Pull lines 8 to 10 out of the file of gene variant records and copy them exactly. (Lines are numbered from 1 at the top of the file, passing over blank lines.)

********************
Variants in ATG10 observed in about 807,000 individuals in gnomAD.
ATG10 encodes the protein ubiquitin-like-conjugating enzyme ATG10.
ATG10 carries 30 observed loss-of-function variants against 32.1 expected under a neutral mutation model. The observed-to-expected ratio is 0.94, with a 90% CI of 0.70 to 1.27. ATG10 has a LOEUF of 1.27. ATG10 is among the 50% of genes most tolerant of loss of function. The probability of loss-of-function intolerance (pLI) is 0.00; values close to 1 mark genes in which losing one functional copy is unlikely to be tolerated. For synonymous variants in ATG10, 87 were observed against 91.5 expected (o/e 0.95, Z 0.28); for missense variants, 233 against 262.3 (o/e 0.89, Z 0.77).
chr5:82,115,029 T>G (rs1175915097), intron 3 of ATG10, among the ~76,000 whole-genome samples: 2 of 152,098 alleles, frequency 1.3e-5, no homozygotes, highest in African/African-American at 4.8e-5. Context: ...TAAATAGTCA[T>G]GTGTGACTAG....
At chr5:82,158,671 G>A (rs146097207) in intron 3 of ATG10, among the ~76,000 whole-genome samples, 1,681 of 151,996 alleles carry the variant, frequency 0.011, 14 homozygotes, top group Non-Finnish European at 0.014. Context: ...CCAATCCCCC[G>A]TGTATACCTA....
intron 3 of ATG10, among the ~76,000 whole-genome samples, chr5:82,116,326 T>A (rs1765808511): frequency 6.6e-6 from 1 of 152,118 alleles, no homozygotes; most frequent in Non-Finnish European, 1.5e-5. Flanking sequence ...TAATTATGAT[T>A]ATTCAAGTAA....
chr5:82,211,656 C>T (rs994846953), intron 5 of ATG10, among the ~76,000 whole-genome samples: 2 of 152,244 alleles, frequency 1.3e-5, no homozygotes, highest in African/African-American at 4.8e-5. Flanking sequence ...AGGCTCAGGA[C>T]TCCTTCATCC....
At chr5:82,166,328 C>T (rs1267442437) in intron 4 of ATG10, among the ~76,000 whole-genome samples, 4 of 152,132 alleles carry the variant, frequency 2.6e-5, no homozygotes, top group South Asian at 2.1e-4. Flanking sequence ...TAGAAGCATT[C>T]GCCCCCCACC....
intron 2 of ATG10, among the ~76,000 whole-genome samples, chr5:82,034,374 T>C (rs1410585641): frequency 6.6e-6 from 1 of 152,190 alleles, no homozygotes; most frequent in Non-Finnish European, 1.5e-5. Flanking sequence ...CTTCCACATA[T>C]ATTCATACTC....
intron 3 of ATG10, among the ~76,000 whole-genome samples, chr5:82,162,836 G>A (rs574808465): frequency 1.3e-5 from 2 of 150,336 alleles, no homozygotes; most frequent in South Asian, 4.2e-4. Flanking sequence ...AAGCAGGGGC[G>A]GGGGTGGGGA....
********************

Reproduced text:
At chr5:82,166,328 C>T (rs1267442437) in intron 4 of ATG10, among the ~76,000 whole-genome samples, 4 of 152,132 alleles carry the variant, frequency 2.6e-5, no homozygotes, top group South Asian at 2.1e-4. Flanking sequence ...TAGAAGCATT[C>T]GCCCCCCACC....
intron 2 of ATG10, among the ~76,000 whole-genome samples, chr5:82,034,374 T>C (rs1410585641): frequency 6.6e-6 from 1 of 152,190 alleles, no homozygotes; most frequent in Non-Finnish European, 1.5e-5. Flanking sequence ...CTTCCACATA[T>C]ATTCATACTC....
intron 3 of ATG10, among the ~76,000 whole-genome samples, chr5:82,162,836 G>A (rs574808465): frequency 1.3e-5 from 2 of 150,336 alleles, no homozygotes; most frequent in South Asian, 4.2e-4. Flanking sequence ...AAGCAGGGGC[G>A]GGGGTGGGGA....